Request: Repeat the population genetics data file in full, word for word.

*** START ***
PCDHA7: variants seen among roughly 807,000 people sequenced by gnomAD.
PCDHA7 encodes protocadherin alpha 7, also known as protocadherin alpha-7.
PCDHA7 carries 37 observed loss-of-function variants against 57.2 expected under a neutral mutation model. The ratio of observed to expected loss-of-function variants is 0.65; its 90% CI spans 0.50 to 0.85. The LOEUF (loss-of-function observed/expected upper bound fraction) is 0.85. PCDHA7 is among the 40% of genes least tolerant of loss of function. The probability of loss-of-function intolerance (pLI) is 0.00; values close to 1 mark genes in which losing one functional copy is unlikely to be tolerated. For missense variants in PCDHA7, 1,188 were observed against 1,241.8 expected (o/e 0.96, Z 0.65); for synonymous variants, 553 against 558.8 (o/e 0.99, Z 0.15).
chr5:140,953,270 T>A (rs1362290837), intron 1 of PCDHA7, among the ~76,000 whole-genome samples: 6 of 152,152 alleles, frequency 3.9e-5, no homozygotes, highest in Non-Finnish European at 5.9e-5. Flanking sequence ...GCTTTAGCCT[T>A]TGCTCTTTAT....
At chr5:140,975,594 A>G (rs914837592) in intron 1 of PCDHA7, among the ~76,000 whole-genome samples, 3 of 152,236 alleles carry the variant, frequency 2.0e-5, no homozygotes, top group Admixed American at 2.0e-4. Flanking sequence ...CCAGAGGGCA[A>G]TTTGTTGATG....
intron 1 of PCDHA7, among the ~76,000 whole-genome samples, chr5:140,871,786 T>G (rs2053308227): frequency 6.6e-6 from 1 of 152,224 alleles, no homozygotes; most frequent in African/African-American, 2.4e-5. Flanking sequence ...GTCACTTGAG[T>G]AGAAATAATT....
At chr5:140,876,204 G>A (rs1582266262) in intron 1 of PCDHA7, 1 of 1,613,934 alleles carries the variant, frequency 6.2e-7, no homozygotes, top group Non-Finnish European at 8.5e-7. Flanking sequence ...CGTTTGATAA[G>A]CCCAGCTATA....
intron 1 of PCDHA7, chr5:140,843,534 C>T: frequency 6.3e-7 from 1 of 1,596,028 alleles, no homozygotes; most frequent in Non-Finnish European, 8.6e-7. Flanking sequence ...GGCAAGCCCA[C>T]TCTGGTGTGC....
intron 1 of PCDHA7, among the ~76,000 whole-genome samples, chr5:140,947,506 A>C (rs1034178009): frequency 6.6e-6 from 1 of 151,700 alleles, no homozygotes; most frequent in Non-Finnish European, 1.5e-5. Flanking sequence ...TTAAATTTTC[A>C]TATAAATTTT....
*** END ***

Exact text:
PCDHA7: variants seen among roughly 807,000 people sequenced by gnomAD.
PCDHA7 encodes protocadherin alpha 7, also known as protocadherin alpha-7.
PCDHA7 carries 37 observed loss-of-function variants against 57.2 expected under a neutral mutation model. The ratio of observed to expected loss-of-function variants is 0.65; its 90% CI spans 0.50 to 0.85. The LOEUF (loss-of-function observed/expected upper bound fraction) is 0.85. PCDHA7 is among the 40% of genes least tolerant of loss of function. The probability of loss-of-function intolerance (pLI) is 0.00; values close to 1 mark genes in which losing one functional copy is unlikely to be tolerated. For missense variants in PCDHA7, 1,188 were observed against 1,241.8 expected (o/e 0.96, Z 0.65); for synonymous variants, 553 against 558.8 (o/e 0.99, Z 0.15).
chr5:140,953,270 T>A (rs1362290837), intron 1 of PCDHA7, among the ~76,000 whole-genome samples: 6 of 152,152 alleles, frequency 3.9e-5, no homozygotes, highest in Non-Finnish European at 5.9e-5. Flanking sequence ...GCTTTAGCCT[T>A]TGCTCTTTAT....
At chr5:140,975,594 A>G (rs914837592) in intron 1 of PCDHA7, among the ~76,000 whole-genome samples, 3 of 152,236 alleles carry the variant, frequency 2.0e-5, no homozygotes, top group Admixed American at 2.0e-4. Flanking sequence ...CCAGAGGGCA[A>G]TTTGTTGATG....
intron 1 of PCDHA7, among the ~76,000 whole-genome samples, chr5:140,871,786 T>G (rs2053308227): frequency 6.6e-6 from 1 of 152,224 alleles, no homozygotes; most frequent in African/African-American, 2.4e-5. Flanking sequence ...GTCACTTGAG[T>G]AGAAATAATT....
At chr5:140,876,204 G>A (rs1582266262) in intron 1 of PCDHA7, 1 of 1,613,934 alleles carries the variant, frequency 6.2e-7, no homozygotes, top group Non-Finnish European at 8.5e-7. Flanking sequence ...CGTTTGATAA[G>A]CCCAGCTATA....
intron 1 of PCDHA7, chr5:140,843,534 C>T: frequency 6.3e-7 from 1 of 1,596,028 alleles, no homozygotes; most frequent in Non-Finnish European, 8.6e-7. Flanking sequence ...GGCAAGCCCA[C>T]TCTGGTGTGC....
intron 1 of PCDHA7, among the ~76,000 whole-genome samples, chr5:140,947,506 A>C (rs1034178009): frequency 6.6e-6 from 1 of 151,700 alleles, no homozygotes; most frequent in Non-Finnish European, 1.5e-5. Flanking sequence ...TTAAATTTTC[A>C]TATAAATTTT....